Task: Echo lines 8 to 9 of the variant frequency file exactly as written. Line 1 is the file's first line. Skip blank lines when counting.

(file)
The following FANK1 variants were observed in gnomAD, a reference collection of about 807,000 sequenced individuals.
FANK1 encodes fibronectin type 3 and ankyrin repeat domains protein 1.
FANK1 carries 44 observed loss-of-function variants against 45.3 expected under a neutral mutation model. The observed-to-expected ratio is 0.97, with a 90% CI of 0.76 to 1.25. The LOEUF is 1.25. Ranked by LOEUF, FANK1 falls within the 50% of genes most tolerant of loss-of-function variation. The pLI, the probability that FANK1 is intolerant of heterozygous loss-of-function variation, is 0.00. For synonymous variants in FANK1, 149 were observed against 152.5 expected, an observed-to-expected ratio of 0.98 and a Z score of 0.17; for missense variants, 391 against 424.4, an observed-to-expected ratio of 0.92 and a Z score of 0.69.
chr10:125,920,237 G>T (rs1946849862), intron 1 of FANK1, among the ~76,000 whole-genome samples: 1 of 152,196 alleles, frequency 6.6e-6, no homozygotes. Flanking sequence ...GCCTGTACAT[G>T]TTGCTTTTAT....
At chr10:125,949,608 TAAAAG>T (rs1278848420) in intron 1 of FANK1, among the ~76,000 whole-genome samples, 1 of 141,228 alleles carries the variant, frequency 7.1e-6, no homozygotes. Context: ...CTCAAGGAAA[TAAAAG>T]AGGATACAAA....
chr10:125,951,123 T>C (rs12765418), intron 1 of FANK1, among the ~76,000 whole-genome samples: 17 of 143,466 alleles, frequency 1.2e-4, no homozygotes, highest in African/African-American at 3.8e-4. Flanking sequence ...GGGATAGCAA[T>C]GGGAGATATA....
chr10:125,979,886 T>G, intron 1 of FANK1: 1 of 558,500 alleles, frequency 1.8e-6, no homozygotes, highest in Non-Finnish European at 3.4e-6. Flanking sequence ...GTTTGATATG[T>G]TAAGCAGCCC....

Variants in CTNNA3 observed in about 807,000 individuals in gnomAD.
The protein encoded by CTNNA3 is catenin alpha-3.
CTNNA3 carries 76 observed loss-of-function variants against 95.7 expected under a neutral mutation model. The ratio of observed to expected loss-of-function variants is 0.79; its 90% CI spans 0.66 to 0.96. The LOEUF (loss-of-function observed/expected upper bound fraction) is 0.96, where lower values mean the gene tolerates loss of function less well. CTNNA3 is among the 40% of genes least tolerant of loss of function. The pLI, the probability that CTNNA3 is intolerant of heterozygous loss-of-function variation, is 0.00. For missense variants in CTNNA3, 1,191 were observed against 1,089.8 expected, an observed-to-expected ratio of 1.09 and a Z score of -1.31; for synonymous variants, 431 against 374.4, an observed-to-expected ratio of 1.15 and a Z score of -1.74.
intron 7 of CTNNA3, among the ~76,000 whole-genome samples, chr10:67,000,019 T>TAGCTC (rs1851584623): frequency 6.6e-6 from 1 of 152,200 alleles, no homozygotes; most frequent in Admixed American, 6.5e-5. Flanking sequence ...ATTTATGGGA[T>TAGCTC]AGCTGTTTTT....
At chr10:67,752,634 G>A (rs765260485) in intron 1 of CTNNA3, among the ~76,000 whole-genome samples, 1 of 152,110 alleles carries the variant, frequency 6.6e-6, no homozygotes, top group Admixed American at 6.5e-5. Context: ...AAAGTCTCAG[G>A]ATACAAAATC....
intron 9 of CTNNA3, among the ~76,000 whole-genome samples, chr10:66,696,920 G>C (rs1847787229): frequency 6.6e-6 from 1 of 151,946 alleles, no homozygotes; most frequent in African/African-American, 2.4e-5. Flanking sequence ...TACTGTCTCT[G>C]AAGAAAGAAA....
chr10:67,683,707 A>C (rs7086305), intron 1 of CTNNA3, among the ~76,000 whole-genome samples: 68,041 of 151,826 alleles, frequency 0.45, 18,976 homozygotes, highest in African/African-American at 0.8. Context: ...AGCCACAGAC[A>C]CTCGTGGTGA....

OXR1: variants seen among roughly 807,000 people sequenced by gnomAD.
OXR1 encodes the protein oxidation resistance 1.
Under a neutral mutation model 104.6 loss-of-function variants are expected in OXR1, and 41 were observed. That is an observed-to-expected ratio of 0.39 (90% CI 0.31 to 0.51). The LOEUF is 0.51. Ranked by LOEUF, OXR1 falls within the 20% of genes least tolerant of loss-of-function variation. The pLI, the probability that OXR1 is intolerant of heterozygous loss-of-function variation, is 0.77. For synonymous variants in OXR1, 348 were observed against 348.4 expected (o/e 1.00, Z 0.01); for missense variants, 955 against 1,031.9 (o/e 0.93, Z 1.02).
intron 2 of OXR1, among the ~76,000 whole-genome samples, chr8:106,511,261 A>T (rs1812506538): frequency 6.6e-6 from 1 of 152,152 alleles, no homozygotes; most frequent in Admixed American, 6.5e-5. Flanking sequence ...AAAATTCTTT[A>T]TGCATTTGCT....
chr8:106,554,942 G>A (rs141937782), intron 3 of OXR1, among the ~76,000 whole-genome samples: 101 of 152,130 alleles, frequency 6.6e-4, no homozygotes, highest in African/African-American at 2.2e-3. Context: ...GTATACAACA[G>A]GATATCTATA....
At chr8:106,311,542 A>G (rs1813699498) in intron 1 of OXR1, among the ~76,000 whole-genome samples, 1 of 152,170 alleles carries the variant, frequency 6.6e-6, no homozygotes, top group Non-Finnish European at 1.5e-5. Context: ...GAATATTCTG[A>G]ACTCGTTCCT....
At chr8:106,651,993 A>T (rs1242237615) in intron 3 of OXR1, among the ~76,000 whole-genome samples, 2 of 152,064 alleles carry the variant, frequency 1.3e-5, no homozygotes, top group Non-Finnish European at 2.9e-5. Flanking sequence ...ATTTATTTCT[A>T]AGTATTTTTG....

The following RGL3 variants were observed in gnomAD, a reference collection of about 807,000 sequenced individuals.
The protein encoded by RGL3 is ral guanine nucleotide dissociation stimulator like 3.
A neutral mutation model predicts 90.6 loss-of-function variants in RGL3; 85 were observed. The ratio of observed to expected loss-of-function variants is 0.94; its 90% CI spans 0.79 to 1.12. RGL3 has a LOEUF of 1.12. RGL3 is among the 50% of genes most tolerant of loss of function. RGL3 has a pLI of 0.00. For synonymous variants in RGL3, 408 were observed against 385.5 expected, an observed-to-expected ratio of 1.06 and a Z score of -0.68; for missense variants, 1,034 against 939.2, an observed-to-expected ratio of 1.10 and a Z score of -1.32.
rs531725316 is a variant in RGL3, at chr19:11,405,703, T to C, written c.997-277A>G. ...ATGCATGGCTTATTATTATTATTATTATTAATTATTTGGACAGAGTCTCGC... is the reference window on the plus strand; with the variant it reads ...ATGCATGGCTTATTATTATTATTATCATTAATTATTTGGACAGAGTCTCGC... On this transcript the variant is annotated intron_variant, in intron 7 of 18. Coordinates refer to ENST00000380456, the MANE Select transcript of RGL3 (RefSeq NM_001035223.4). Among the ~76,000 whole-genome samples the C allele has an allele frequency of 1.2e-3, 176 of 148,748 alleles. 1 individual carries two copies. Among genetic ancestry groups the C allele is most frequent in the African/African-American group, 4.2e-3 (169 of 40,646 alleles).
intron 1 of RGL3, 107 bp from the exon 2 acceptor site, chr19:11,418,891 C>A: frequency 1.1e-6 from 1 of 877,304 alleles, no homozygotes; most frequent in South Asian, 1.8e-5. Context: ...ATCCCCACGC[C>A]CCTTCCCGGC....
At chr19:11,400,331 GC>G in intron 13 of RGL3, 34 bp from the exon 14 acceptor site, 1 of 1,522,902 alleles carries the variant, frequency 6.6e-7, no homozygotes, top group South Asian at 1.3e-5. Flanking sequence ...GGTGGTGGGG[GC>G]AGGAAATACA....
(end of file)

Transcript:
Variants in CTNNA3 observed in about 807,000 individuals in gnomAD.
The protein encoded by CTNNA3 is catenin alpha-3.